In still another embodiment, the means for locking the mechanical pin includes a movable cleat that is supported from the pin holder in line with a transverse slot in the mechanical pin. The cleat is movable into the slot when the mechanical pin in is the closed position to lock the mechanical pin. Preferably, the slot is in the surface of the mechanical pin and oriented in the vertical direction so that the cleat can drop into the slot when the mechanical pin is in the closed position. Desirably, the cleat is supported from the mechanical pin holder above the mechanical pin so that it can drop into the slot under the force of gravity. In one preferred embodiment, the cleat at one end is hingedly attached to the pin holder. Preferably, the locking cleat forms a backup locking mechanism to the lock nut for locking the mechanical pin in its closed position.
In still another preferred embodiment, the locking mechanism includes a reaction mount attached to the one of the deck plate under surface or the removable plate that the pin holder is attached to. The reaction mount is spaced from the pin holder between the pin holder and the receiving socket and has an opening in line with an engagement opening in the receiving socket. The mechanical pin, in its closed position, extends between and into the slots in the pin holder, the opening in the reaction mount and the opening in the receiving socket. Desirably, the mechanical pin further includes a circumferential retainer collar that abuts the lock nut to prevent lateral movement of the pin out of the pin holder.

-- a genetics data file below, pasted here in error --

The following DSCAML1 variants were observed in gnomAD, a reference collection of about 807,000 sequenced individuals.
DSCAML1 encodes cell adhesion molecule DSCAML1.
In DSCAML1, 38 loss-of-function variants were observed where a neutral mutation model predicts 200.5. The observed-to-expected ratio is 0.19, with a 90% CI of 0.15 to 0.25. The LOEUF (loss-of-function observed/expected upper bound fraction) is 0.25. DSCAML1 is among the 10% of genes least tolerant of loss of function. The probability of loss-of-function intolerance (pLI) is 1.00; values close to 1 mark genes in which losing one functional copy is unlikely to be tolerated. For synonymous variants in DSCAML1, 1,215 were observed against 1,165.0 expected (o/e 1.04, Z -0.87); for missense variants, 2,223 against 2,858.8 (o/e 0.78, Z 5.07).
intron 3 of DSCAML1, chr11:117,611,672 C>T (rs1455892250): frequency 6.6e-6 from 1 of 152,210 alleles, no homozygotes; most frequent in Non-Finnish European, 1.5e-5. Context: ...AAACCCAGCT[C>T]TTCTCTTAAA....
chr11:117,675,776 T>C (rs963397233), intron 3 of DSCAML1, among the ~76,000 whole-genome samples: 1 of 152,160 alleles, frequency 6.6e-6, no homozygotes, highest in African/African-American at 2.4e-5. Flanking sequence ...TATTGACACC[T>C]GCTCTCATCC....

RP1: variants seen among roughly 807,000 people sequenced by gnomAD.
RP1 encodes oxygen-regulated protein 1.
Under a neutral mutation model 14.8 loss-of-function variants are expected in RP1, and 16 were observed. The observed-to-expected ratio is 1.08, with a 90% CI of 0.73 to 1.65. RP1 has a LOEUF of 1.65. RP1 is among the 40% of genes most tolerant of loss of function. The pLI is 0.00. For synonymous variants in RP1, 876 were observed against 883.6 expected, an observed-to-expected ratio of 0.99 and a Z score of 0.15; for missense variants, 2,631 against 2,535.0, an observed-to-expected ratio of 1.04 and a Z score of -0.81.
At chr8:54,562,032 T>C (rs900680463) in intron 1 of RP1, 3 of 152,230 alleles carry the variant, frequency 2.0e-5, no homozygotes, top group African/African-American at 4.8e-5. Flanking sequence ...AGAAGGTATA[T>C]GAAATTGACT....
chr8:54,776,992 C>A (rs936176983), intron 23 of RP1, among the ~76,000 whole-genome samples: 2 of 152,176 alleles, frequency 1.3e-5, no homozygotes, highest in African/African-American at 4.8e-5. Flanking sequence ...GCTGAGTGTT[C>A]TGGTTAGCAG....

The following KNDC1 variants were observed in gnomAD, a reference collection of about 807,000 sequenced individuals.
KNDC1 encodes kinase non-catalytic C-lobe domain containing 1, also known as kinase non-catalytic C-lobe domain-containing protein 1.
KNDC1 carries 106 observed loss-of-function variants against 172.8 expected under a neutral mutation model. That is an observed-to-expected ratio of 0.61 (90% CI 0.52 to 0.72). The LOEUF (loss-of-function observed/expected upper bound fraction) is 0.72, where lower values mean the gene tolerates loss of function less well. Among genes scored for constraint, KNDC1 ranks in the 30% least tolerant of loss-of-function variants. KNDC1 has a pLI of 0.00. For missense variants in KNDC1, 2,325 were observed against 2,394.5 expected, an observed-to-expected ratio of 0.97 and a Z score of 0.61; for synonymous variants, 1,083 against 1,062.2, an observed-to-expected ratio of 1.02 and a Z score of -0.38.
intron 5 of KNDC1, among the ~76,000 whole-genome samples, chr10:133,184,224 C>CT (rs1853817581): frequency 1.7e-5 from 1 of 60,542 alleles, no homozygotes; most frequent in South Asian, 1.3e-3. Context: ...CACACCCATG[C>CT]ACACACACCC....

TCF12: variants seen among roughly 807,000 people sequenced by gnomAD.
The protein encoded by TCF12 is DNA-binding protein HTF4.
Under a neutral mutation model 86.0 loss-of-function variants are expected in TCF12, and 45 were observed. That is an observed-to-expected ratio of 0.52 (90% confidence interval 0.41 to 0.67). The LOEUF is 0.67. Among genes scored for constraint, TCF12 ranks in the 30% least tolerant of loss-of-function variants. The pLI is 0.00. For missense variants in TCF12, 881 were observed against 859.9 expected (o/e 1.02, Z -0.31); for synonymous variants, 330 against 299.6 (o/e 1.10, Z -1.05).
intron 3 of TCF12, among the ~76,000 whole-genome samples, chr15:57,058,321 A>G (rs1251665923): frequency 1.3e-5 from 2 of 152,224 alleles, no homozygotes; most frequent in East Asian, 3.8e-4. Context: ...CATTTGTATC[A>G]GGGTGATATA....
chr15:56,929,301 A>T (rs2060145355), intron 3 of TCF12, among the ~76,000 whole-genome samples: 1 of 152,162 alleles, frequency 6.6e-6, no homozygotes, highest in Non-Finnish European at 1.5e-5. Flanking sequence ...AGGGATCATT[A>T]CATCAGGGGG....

A further understanding of the invention can be gained from the following description of the preferred embodiments when read in conjunction with the accompanying drawings in which:
Referring now to the drawings,
The tube bundle 12 is encircled by a wrapper 36, which forms an annular passage between the wrapper 36 and the lower shell 14 and frustoconical transition cone 20. The top of the wrapper 36 is covered by a lower deck plate 40 which includes a plurality of openings 42 in fluid communication with a plurality of riser tubes 44. Swirl vanes 46 are disposed within the riser tubes to cause steam flowing therethrough to spin and centrifugally remove some of the moisture entrained within the steam as it flows through this primary centrifugal separator. The water separated from the steam in this primary separator is returned to the water pool 80 (see
The feedwater inlet structure of this generator includes a feedwater inlet nozzle 52 having a generally horizontal portion called a feedring 54 and discharge nozzles 56 elevated above the feedring 54. Feedwater, which is supplied through the feedwater inlet nozzle 52, passes through the feedring 54, and exits through discharge nozzle 56 and mixes with water which was separated from the steam and is being re-circulated. The mixture then flows down over the lower deck plate 40 and into the annular passage 38. The water then enters the tube bundle at the lower portion of the wrapper 36 and flows among and up the tube bundle where it is heated to generate steam.
Access is provided to the steam generator 10 for maintenance through manways 74 between the intermediate deck plate 62 and the upper deck plate 58. The upper deck plate 58 supports the secondary separators 48. The upper deck plate 58 has a removable access plate 64, the underside of which can best be seen in
As can be seen in
The assembly of the reaction mount 78, mechanical pin 72, lock nut 82 and pin holder 76 is more fully shown in a perspective view illustrated in
Desirably, a shoulder or collar 84 is provided on the mechanical pin body 72, to bear against the lock nut 82 and limit lateral motion of the pin 72 thereby retaining the lock nut 82.